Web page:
Failure is inevitable


Using MVCContrib glue to bring Visual Basic WebForms and C# MVC together

While I’m digging my new job, I’ve found myself in the less-than-desirable situation of having to work with WebForms again.  After working almost exclusively with ASP.NET MVC for the better part of three years, the inadequacies of WebForms seem even more prominent.  While running MVC and WebForms in the same applications is easy enough, we’re facing an added complication: our WebForms application was written in Visual Basic.  While you can’t mix-and-match C# MVC and VB WebForms within the same application directly, you can leverage MVCContrib’s Portable Areas to bring the two together, which is what I’ll show you how to do in this post.

Giving credit where credit is due, Jeffery Palermo already described how you can leverage MVCContrib’s Portable Areas within a WebForms application.  Unfortunately, his sample doesn’t work (it appears to depend on an older MVC 2 CTP), and his post omits several important details.  Jeffery’s post also focuses on the creation of reusable modules whereas my interest is bringing C# into our VB project as seamlessly as possible.  Hopefully this guide, even though it’s focus is on bridging the C#-VB divide, will be useful to anyone that’s envious of MVC but stuck with a substantial amount of WebForms code.

Create a new solution

To get started, let’s go ahead and create a new empty solution in Visual Studio 2010.


Next, add a Visual Basic WebForms application.  When you run the application, you should see something like this:


Note that I modified my master page to make it clear that the master page is a WebForms master page.  You’ll understand why later. 

Add MVC Support

As I mentioned, there’s plenty of information on the web about adding MVC support to an existing WebForms application.  The two play nicely side-by-side in the same project.  First, add references to the required assemblies: System.Web.Mvc, System.Web.Routing, and System.Web.Abstractions.  The last one is probably not strictly required, but I added it anyway. This is also a good time to go ahead and add a reference to MVCContrib.  Note that for the approach I’m going to describe to work, you will need to use a build based on the trunk and not the older release build available from CodePlex.  You can pick up a nightly build from the MVCContrib TeamCity build server (be sure to grab artifacts from a successful build).


Next, you need to update your web.config file.  Replace the default compilation section with the following:

<compilation debug="true" targetFramework="4.0">
        <add assembly="System.Web.Abstractions, Version=, 
             Culture=neutral, PublicKeyToken=31BF3856AD364E35" />
        <add assembly="System.Web.Routing, Version=, 
             Culture=neutral, PublicKeyToken=31BF3856AD364E35" />
        <add assembly="System.Web.Mvc, Version=, 
             Culture=neutral, PublicKeyToken=31BF3856AD364E35" />

Also add a pages element with the namespaces shown:

        <add namespace="System.Web.Mvc"/>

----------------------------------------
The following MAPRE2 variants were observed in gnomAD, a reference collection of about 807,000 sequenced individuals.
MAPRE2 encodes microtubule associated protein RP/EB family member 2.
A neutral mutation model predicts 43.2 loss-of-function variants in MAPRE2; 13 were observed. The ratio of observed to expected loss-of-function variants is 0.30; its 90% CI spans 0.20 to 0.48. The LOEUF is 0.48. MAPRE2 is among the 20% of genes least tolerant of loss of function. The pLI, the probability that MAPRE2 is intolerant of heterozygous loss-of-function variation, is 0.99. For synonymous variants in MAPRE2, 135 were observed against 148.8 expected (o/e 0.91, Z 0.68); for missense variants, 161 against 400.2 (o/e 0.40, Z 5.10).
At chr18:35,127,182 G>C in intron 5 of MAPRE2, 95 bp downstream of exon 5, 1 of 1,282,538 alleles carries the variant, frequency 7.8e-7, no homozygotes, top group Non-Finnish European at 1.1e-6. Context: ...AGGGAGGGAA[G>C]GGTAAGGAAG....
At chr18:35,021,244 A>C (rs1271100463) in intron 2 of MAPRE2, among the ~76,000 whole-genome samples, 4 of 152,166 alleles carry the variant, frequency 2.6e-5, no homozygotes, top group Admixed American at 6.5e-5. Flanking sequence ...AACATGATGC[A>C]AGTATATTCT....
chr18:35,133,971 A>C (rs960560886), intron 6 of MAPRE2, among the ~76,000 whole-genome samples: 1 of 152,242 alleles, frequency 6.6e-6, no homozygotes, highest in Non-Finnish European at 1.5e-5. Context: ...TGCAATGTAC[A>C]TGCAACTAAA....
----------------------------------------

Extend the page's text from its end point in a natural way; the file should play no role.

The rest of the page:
<add namespace="System.Web.Mvc.Ajax"/>
        <add namespace="System.Web.Mvc.Html"/>
        <add namespace="System.Web.Routing"/>

This step probably isn’t necessary (depends on how you are deploying your application), but for good measure, go ahead and add the MVC HTTP handler and a binding redirect for MVC 1:

    <add verb="*" path="*.mvc" 
        validate="false" type="System.Web.Mvc.MvcHttpHandler,
        System.Web.Mvc, Version=, Culture=neutral, 
    <assemblyBinding xmlns="urn:schemas-microsoft-com:asm.v1">
            <assemblyIdentity name="System.Web.Mvc" publicKeyToken="31bf3856ad364e35" />
            <bindingRedirect oldVersion="" newVersion="" />

Next up, we need to add some code in our Global.asax file:

Shared Sub RegisterRoutes(ByVal routes As RouteCollection)

    ' MapRoute takes the following parameters, in order:
    ' (1) Route name
    ' (2) URL with parameters
    ' (3) Parameter defaults
    routes.MapRoute( _
     "Default", _
     "{controller}/{action}/{id}", _
     New With {.controller = "Home", .action = "Index", .id = UrlParameter.Optional} _

End Sub

Sub Application_Start()


End Sub

The RegisterRoutes procedure is pretty standard, and AreaRegistration.RegisterAllAreas is boiler-plate MVC 2.0 stuff.  The other bit is important though: PortableAreaRegistration.RegisterEmbeddedViewEngine will register a special view engine that allows the application to consume Portable Areas.

The final thing we need to do is add some special folders that are needed by MVC: the Areas folder and the Views folder.  For now, go ahead and add a view master page at ‘~/Views/Shared/Site.master’.  I’d recommend copying both the Views and Areas folders from an existing ASP.NET MVC application (be sure to remove any of the views you don’t need, but save the Site.master one).  Once you’re finished, you should have a structure like this:


At this point, the WebForms project is ready to consume our C# ASP.NET MVC Portable Area.  All we need to do is create one!

Creating a Portable Area

Most people recommend that you create a regular class library to serve as the host of your portable area, but there are some disadvantages to that approach.  First, you will have to re-add all the necessary MVC references in order to build controllers and views.  Second, you will lose all the Visual Studio tooling for MVC (as well as Resharper extensions for MVC projects).  In light of that, I recommend adding a regular-old ASP.NET MVC 2 (C#) application to your solution.  An MVC project is essentially a web application project, which means it produces a single DLL that you can reference from another application. 

After adding your MVC 2 project, you can remove all of the following: web.config files, Global.asax, views (but leave ‘~/Views/Shared/Site.master’ for now), controllers, models, script files, and CSS files. Save your project at this point, then unload it so that you can edit it.